How Much Sleep Do You Need? 5 Things to Consider

By Chad Taylor on October 21, 2015

When do you sleep? From midnight to 8 or 8 to 4 a.m.? Both of those give you the recommended 8 hours of rest, but they are far from the average. A National Sleep Foundation poll showed that most adults were only averaging 6 hours and 40 minutes during the week and about 7 ½ hours on the weekend. After all, midnight to 8 doesn’t work if you have to be in the office by 8:30. Here are 5 considerations to help you find the right amount of sleep for you.

  1. Could be We Don’t Need as much Sleep as We Think. A UCLA professor of psychiatry set out to see if he could find a “natural” sleep rhythm. With the assumption that it’s our electronics, TVs and electric lights that may be disrupting out sleep cycle, the professor studied 3 tribes – from Bolivia, Tanzania and Namibia — that still lived as hunters and gatherers without interaction with the modern world. A study of 94 healthy, active adults for 1165 days showed that these tribal members averaged 6.4 hours of sleep in the summer and added another hour in the winter. Something to consider.
  2. Take a Sleep Vacation. If you can, set aside a number of days (up to two weeks) when you go to bed at a consistent time and don’t set an alarm clock. At first, you may sleep longer to pay back your sleep debt, but eventually you’ll settle into a pattern of sleeping a pretty much consistent amount of time each night – usually between 7 to 9 hours. That’s how much sleep you need!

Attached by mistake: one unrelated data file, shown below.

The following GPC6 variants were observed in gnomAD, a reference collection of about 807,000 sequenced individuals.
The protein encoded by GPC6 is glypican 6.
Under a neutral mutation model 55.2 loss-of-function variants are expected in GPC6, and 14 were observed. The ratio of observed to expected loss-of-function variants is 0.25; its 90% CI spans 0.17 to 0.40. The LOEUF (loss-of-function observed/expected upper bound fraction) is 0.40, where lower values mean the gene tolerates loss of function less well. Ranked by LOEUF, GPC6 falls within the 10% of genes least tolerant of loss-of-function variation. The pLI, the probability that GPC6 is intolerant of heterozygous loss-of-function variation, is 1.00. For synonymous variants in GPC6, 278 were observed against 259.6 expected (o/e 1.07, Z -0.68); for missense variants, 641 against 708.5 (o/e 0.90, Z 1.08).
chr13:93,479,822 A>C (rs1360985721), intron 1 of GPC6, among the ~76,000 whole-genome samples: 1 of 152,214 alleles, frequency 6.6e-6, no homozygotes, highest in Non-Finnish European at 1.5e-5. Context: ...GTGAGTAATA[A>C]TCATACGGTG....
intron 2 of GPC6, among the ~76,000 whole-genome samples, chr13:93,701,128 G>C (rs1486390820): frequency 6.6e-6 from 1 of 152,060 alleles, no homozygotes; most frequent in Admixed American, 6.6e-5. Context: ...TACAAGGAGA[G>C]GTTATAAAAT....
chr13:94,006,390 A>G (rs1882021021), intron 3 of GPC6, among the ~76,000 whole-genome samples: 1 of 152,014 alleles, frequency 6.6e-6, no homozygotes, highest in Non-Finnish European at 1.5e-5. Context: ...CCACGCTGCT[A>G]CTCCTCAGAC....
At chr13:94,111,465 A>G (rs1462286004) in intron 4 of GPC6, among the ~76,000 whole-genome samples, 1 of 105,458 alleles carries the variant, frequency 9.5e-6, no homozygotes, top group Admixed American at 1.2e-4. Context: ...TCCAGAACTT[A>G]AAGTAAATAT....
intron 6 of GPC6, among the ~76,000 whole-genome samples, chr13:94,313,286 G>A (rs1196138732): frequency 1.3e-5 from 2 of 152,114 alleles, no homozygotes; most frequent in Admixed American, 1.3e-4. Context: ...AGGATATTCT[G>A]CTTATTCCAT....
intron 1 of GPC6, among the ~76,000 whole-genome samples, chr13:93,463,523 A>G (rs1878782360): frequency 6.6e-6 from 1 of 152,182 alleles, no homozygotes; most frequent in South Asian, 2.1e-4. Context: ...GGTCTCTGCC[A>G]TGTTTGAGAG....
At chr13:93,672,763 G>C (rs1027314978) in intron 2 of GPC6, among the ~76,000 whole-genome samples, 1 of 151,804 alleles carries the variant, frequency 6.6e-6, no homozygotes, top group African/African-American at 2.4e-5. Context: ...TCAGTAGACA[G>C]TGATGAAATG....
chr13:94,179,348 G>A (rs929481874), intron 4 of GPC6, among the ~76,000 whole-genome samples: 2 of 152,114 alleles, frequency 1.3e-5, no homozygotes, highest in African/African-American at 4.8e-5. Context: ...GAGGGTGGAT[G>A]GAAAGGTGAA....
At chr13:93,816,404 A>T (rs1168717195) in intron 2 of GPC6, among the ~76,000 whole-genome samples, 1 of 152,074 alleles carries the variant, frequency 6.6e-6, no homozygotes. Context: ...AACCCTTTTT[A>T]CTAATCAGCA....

3. Can’t take a Sleep Vacation – Keep a Sleep Diary. Record everything – when you go to bed, if you awaken during the night and, if so, for how long, what time you wake up and any naps you might take. Carefully record how you feel each day when you wake up and at different times during the day. The sleep diary should help you track how much sleep you need and whether you’re a morning lark or a night owl.
  4. Pay Attention. You’re not going on a sleep vacation and, even when you try, your sleep diary goes days without an entry. Then, pay attention to your body. Note when you feel like going to bed. Be aware of when fatigue sets in. How do you feel when you first wake up? If you listen to your body, you’re going to get a pretty good idea of what your sleeping habits are and what they should be.
  5. Make Sleep a Priority. When you learn how much sleep you need to be your best, make it a priority. Instead of trying to stay awake for the late night news or setting your alarm an hour early, adjust your bedtime or waking time to accommodate your body’s need.

Sleep – wonderful, restful sleep – you can work to find the pattern your body wants. Then, make sure you have a bedroom that is cool, dark and quiet with a comfortable mattress because those things will also impact the quality of your sleep. An investment in a good mattress – think about the much heralded latex mattresses – is an investment in feeling good.